SHIELDPer fess indented Or and Azure on a pile per fess indented Gules and of the first a lion's head erased of the like.
On a wreath Or and Azure interlaced between the tines of a trident head Or the head of a spar torpedo Azure all below five mullets chevronwise of the first.
On a scroll Azure doubled Or, the motto, "NON SIBI SED PATRIAE" (Not for Himself but for His Country), inscribed in letters of the last.
Upon a white field, the complete coat of arms in full color as in the blazon, all within a white oblong border arched at top and bottom, the outer and inner edges formed of continuous gold rope and containing the inscription "USS CUSHING" at top and "DD~985" in base, letters and numerals all in blue.
SHIELDDark blue and gold are the colors traditionally used by the Navy and symbolize the sea and excellence. The indented division of the shield represents a log boom, and the pile, which resembles a ship's prow, crosses the boom to represent how Commander William Barker Cushing foiled Confederate defenses to accomplish the sinking of the Albemarle. The upper area of the pile is red, alluding to the danger and high risk of this famous action and the fact that Commander Cushing had been under fire more than any other officer in the Navy at that time. The lion's head is symbolic of courage and strength and represents the spirit and abilities of Commander Cushing.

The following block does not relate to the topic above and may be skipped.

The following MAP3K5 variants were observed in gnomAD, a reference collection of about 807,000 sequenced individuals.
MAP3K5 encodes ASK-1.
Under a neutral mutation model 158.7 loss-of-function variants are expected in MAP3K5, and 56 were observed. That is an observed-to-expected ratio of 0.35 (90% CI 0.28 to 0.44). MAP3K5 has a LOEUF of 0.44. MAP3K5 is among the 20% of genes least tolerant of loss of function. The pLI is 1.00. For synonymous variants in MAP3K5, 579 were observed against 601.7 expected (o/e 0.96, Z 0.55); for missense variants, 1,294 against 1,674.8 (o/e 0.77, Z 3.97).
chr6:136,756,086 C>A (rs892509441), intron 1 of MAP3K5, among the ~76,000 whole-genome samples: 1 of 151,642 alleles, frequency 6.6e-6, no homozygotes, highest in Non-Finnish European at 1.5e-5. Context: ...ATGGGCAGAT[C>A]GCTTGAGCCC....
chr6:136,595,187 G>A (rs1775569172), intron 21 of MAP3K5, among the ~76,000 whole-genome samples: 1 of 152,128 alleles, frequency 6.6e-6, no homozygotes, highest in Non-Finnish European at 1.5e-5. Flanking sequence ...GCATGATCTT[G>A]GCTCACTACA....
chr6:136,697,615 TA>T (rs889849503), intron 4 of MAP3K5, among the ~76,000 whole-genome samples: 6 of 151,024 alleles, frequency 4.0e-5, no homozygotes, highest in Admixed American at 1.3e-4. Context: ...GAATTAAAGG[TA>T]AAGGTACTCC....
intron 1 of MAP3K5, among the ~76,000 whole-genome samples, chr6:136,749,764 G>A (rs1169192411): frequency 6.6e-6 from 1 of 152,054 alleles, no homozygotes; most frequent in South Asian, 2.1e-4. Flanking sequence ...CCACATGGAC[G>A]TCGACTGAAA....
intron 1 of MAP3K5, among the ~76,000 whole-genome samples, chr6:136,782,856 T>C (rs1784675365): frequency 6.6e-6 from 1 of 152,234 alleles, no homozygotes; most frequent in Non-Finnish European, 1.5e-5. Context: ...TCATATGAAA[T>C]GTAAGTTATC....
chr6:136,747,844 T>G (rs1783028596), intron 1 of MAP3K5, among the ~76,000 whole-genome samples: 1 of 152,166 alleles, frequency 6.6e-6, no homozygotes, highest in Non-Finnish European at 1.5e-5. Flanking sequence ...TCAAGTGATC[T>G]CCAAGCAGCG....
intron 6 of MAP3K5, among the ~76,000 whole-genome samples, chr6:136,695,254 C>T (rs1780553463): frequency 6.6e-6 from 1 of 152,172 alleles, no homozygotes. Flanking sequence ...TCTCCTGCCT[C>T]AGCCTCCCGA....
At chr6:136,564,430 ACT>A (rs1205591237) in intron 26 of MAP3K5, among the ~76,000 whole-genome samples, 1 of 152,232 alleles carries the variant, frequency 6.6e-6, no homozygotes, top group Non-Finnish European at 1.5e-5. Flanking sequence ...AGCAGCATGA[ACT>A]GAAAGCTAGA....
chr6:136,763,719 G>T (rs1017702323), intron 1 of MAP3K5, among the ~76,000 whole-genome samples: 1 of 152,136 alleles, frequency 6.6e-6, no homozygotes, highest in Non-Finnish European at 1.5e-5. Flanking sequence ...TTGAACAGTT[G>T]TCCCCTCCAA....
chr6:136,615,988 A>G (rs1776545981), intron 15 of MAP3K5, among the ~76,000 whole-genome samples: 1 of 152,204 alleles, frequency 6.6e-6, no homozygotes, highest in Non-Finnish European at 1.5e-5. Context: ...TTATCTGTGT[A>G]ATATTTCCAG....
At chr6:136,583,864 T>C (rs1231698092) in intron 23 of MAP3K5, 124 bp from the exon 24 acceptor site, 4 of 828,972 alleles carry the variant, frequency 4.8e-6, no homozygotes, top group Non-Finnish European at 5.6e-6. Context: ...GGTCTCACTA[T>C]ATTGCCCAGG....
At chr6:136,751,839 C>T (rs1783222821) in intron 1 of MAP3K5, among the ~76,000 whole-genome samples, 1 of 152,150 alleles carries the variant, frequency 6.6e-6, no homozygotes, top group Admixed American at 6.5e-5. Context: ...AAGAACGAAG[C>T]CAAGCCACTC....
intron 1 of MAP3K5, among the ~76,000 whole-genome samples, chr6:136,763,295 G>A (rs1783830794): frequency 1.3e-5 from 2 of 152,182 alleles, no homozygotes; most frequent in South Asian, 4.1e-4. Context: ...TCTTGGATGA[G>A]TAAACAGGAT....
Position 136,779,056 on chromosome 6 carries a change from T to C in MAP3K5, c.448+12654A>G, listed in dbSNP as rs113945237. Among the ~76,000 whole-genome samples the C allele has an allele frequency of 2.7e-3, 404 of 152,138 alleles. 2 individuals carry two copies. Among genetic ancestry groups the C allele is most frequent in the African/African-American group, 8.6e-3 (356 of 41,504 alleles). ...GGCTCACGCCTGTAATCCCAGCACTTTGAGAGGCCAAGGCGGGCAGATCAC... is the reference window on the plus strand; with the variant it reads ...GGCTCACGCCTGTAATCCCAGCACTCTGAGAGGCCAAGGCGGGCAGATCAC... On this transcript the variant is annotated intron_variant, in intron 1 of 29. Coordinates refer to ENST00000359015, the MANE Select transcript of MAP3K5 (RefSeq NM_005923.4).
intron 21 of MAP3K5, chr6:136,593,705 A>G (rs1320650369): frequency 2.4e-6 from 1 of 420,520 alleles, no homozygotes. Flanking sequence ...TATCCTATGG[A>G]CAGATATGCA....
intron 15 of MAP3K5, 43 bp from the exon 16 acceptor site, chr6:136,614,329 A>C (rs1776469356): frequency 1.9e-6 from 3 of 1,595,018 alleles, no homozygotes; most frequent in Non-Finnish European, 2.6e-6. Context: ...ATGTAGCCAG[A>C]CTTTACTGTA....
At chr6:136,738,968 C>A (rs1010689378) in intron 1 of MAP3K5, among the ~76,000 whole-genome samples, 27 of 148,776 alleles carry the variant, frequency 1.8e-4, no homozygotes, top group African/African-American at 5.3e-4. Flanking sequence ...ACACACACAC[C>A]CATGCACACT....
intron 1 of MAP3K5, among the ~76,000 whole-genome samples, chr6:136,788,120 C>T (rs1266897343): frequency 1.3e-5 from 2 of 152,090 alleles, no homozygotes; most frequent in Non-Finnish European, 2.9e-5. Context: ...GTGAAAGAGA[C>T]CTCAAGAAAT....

The trident is a traditional maritime symbol, and its sharp points emphasize offensive action. The spar torpedo is dark blue, alluding to the dark of night and the covert nature of the sinking of the Albemarle. The dark blue also indicates that Commander Cushing, a Union officer, took the torpedo, at this time basically a Confederate weapon, and successfully sank an enemy vessel. The five stars refer to the fact that this Spruance Class destroyer is the fifth ship in the U.S. Navy to be named "Cushing."